Abigail A. Baird Professor of Psychological Science
Professor Baird’s research examines the brain and behavioral basis of adolescent development. Her work centers around the ways in which social, emotional, cognitive, and brain-based changes impact the ways and means by which adolescents become adults. The long-term goal of this work is to better identify and prevent psychopathology; and further to inform legal and educational policy.
- At Vassar since 2006
- PSYC 380. Neurolaw: “My Brain Made Me Do It”
Baird, A.A., Roellke, E.V., & Zeifman, D. M. (2017). “Alone and adrift: The association between mass school shootings, school size, and student support.” The Social Science Journal, 54, 1-10.
Baird, A. A. & Roellke, E. V. (2015). “Girl Uninterrupted: The neural basis of moral development among adolescent females,” in Decety, J. & Wheatley, T. (Eds.) The Moral Brain: A Multidisciplinary Perspective. Cambridge, MA: MIT Press.
Baird, A.A., Barrow, C.L., Richard, M.K. (2012). “Juvenile neuroLaw: When it's good it is very good indeed, and when it's bad it’s horrid.” Journal of Health Care Law and Policy, 15(1), 15-35.
Baird, A.A., Silver, S.H., & Veague, H.B. (2010). “Cognitive control reduces sensitivity to relational aggression among adolescent girls.” Social Neuroscience, 5(5-6), 519–532.
In the Media
“'Slender Man’ Trial: What's Next for Morgan Geyser and Anissa Weier”
Emma Roellke ’16
Emma Roellke ’16 didn’t decide until junior year that she wanted to become a doctor, but she says she has no regrets about the trajectory of her Vassar career. She has spent her first year out as a post-baccalaureate researcher.
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Abigail A. Baird is a Professor of Psychology at Vassar College and the Principal Investigator of the Laboratory for Adolescent Science. She earned her undergraduate degree from Vassar College and both an MA and a PhD from Harvard University.
Professor Baird’s research examines the brain and behavioral basis of adolescent development. Her work centers around the ways in which social, emotional, cognitive, and brain-based changes impact the ways and means by which adolescents become adults. The long-term goal of this work is to better identify and prevent psychopathology, and further to inform legal and educational policy.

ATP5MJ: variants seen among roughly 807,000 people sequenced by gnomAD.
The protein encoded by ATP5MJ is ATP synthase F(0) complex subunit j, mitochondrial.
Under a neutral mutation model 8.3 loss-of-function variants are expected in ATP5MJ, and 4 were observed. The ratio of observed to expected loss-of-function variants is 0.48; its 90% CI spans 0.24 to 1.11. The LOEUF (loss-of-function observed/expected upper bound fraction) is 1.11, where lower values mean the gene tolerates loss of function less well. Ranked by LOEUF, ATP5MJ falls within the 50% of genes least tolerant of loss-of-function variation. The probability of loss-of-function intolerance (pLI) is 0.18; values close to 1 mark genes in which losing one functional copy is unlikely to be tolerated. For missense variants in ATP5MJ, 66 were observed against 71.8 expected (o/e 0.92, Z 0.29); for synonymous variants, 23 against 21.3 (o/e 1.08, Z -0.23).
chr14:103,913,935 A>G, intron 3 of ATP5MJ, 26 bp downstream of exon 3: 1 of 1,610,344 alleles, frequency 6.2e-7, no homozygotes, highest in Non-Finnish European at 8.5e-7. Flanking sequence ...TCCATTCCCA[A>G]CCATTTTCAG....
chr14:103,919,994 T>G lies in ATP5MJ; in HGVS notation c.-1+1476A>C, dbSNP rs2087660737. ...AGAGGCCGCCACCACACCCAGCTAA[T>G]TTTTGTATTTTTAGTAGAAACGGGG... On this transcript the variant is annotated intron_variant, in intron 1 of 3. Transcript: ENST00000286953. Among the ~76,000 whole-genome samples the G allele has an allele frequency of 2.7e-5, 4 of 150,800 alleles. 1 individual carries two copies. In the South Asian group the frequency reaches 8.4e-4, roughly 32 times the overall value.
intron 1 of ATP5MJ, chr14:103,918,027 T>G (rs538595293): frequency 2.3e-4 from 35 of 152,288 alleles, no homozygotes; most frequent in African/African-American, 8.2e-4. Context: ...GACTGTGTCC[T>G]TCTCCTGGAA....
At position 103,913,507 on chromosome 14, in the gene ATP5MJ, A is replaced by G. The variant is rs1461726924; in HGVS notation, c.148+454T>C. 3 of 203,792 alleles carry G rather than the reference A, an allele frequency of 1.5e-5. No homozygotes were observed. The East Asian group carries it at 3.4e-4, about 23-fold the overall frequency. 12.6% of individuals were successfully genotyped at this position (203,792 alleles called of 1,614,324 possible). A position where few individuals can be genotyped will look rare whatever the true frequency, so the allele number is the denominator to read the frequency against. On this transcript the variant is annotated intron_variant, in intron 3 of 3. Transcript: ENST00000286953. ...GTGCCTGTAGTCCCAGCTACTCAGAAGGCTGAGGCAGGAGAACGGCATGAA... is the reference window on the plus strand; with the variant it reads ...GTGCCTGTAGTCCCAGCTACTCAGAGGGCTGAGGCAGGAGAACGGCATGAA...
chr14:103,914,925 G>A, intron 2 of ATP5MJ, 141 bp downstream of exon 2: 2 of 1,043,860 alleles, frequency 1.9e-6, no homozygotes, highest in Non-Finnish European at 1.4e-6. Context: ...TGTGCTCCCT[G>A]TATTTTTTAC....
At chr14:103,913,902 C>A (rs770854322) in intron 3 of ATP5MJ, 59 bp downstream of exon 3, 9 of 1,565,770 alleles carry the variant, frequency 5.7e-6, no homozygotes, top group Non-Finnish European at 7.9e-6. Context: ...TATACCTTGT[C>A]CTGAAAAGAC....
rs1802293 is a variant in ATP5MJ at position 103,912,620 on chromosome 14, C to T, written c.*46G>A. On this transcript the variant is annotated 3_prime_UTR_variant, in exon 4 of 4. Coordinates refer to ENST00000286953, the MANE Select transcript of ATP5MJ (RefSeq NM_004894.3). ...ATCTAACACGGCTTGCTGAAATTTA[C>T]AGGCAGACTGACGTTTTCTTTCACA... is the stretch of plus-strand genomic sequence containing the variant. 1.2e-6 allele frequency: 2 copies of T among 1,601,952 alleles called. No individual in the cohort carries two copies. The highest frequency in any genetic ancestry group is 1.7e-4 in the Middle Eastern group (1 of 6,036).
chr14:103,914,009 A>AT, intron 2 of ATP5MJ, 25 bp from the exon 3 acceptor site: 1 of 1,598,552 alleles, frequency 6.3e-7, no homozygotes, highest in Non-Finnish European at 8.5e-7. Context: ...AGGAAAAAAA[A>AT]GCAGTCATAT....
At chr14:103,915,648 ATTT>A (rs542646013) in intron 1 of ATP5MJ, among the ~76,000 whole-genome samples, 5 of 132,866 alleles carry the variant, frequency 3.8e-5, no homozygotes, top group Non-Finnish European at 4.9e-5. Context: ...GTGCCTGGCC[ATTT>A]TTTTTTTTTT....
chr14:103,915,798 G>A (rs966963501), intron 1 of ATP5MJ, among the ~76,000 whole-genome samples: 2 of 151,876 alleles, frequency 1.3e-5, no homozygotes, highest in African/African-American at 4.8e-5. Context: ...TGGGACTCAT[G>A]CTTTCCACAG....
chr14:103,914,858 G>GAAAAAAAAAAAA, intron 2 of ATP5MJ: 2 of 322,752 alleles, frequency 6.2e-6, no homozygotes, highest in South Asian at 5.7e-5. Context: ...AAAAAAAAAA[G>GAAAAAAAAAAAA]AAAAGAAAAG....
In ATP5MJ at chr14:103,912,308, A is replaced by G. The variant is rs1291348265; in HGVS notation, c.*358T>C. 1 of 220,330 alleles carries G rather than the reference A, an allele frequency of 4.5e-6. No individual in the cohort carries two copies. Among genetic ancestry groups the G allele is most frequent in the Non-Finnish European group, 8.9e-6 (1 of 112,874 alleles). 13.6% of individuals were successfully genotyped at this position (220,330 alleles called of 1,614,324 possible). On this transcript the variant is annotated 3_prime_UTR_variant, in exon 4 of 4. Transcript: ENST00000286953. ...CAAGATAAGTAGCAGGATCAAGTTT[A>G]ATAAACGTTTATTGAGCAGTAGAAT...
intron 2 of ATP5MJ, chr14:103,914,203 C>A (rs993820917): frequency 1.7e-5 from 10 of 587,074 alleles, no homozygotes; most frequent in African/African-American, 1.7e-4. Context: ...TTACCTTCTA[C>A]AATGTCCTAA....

Professor Baird is the author of two books and has published numerous peer-reviewed and popular press articles. Her research has received awards from Harvard University and the Society for Research on Psychopathology. She has been elected to several scientific societies including the International Society for Behavioral Neuroscience and the Dana Alliance for Brain Initiatives. Her professional accomplishments also include serving as Secretary of the Association for Psychological Science, Invited Faculty to the New York State Judicial Institute and Advisory Board member on the Campaign for Youth Justice. She has been a consistent participant in the American Association for the Advancement of Science’s Award Winning Neuroscience Educational Program for members of the judicial system. Her work on adolescent brain development contributed to the Amicus Briefs that helped the United States Supreme Court to abolish the Death Penalty for Juveniles, and more recently abolish Life Sentences without the Possibility of Parole for Juveniles. Following this work Baird was elected to the National Committee on Lawyers and Scientist, a joint committee between the American Association for the Advancement of Science (AAAS) and the American Bar Association (ABA) that serves to advise national policy at the intersection of science and law.
She is the recipient of Harvard’s George Goethals Teaching Prize, as well as the Class of 1962 Excellence in Teaching Fellowship, awarded by Dartmouth College. In 2012 Baird (along with colleague Craig Bennett) was awarded the prestigious Ig Nobel Prize in Neuroscience; a prize awarded by previous Nobel Laureates for “science that first makes people laugh and then makes them think”.
Professor Baird has appeared on a number of radio and television programs, including two episodes of National Geographic’s Emmy Nominated show Brain Games. She has also been featured as an expert in several documentaries including, most recently, HBO’s Beware the Slenderman, a documentary that tells the story of two 12-year old girls, who are being tried as adults for attempting to murder one of their friends in order to appease a fictional monster from the internet.